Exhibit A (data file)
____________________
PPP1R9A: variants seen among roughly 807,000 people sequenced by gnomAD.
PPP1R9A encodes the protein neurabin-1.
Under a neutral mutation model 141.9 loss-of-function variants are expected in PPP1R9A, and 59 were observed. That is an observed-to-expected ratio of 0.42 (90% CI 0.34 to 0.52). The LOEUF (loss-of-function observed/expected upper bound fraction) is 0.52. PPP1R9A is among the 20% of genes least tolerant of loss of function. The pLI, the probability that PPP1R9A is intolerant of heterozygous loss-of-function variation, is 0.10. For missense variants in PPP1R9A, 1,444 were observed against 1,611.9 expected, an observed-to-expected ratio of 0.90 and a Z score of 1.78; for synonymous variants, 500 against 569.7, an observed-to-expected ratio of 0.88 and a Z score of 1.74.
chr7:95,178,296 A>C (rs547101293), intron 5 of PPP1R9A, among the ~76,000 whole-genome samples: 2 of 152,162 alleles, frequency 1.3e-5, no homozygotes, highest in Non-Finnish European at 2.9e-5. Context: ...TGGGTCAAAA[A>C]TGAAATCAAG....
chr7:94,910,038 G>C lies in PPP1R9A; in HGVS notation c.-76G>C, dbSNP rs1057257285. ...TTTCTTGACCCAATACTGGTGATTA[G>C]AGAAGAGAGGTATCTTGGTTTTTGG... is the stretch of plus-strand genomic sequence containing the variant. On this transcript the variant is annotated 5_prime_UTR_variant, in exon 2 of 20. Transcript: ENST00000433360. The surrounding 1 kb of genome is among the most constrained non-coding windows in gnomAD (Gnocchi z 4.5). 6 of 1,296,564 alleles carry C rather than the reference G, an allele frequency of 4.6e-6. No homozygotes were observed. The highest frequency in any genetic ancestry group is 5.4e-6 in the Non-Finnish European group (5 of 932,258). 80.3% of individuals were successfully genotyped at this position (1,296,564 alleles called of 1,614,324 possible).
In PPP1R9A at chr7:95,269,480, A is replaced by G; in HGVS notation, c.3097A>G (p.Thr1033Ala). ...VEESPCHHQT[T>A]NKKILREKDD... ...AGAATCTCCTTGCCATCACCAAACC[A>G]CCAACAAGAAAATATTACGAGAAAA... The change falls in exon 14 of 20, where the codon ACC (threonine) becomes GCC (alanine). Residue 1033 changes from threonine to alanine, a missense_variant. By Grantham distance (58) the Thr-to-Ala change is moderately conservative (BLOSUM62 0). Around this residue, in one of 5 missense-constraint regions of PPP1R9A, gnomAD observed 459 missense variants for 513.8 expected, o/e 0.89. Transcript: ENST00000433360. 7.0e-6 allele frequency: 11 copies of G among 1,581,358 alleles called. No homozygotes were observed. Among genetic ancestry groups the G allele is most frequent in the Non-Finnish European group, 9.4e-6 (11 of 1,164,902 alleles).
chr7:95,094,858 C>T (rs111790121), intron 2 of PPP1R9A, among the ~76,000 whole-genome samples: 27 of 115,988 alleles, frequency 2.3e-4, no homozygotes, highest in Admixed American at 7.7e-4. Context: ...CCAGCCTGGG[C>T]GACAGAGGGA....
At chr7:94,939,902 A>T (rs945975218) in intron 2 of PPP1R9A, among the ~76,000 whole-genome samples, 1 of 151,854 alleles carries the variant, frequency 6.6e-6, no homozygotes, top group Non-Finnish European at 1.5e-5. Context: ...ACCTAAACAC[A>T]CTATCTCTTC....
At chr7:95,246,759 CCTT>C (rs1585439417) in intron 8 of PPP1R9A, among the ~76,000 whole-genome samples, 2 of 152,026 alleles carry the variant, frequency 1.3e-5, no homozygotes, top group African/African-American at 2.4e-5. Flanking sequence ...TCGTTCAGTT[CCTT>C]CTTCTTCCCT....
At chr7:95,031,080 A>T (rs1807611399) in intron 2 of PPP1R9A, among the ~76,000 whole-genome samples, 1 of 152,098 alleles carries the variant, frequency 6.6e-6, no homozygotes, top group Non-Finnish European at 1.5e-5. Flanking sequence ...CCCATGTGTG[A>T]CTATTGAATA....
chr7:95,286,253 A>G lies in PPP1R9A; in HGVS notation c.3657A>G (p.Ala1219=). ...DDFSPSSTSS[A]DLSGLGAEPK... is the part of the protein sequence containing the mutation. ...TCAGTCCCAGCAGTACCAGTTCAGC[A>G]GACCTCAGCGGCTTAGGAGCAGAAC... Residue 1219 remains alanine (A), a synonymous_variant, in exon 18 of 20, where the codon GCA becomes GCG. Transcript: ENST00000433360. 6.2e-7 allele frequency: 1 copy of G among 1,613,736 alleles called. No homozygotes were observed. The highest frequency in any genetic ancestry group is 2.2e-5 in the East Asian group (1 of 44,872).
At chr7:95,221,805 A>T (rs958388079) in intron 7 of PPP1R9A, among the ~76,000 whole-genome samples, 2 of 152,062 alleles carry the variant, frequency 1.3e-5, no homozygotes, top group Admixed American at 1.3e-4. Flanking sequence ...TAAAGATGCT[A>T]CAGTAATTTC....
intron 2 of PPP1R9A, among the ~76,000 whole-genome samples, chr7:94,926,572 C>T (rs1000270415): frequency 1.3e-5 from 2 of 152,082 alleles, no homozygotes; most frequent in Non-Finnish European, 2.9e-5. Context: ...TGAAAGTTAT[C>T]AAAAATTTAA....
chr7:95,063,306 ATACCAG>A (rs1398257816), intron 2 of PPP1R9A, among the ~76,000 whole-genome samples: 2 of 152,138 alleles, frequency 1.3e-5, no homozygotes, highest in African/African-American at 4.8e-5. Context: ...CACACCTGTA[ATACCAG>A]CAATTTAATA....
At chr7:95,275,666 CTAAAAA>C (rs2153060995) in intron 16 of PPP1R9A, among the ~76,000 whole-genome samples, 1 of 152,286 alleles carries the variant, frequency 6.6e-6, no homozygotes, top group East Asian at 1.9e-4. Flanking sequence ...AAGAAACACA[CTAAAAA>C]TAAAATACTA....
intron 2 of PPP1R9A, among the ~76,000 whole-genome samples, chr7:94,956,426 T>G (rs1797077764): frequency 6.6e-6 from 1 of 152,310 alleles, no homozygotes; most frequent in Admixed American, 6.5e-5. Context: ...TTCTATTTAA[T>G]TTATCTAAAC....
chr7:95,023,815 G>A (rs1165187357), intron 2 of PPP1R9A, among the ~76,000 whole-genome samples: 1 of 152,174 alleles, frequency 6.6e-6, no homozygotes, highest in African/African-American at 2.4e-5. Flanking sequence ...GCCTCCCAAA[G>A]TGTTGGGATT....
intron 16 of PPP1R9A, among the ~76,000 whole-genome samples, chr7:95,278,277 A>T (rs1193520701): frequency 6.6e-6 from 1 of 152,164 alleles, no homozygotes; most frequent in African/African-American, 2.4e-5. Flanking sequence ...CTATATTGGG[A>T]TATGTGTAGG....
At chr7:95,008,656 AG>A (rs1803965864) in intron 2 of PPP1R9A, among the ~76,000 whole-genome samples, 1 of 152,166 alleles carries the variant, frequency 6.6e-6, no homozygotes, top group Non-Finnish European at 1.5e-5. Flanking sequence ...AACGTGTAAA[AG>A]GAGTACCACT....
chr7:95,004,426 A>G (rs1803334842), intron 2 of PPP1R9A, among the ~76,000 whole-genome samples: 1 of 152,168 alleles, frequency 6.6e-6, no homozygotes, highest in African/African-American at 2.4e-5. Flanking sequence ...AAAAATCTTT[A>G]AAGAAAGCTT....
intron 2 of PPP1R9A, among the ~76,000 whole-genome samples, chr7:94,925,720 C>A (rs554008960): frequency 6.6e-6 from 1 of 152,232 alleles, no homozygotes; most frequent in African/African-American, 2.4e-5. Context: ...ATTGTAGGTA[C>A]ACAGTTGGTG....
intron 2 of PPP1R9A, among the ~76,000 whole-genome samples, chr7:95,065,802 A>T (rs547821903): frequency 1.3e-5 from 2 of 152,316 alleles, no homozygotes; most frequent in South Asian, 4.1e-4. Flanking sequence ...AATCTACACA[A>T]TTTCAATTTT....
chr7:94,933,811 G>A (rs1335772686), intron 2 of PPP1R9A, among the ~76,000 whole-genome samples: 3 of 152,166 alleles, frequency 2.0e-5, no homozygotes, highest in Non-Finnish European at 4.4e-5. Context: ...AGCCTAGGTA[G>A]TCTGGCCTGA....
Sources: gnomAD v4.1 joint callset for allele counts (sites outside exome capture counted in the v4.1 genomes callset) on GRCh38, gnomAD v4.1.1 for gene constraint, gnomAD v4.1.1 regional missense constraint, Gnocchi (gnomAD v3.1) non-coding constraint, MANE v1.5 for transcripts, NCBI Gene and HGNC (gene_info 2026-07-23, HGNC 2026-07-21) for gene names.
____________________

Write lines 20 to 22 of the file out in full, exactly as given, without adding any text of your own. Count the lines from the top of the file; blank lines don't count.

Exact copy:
chr7:95,004,426 A>G (rs1803334842), intron 2 of PPP1R9A, among the ~76,000 whole-genome samples: 1 of 152,168 alleles, frequency 6.6e-6, no homozygotes, highest in African/African-American at 2.4e-5. Flanking sequence ...AAAAATCTTT[A>G]AAGAAAGCTT....
intron 2 of PPP1R9A, among the ~76,000 whole-genome samples, chr7:94,925,720 C>A (rs554008960): frequency 6.6e-6 from 1 of 152,232 alleles, no homozygotes; most frequent in African/African-American, 2.4e-5. Context: ...ATTGTAGGTA[C>A]ACAGTTGGTG....
intron 2 of PPP1R9A, among the ~76,000 whole-genome samples, chr7:95,065,802 A>T (rs547821903): frequency 1.3e-5 from 2 of 152,316 alleles, no homozygotes; most frequent in South Asian, 4.1e-4. Flanking sequence ...AATCTACACA[A>T]TTTCAATTTT....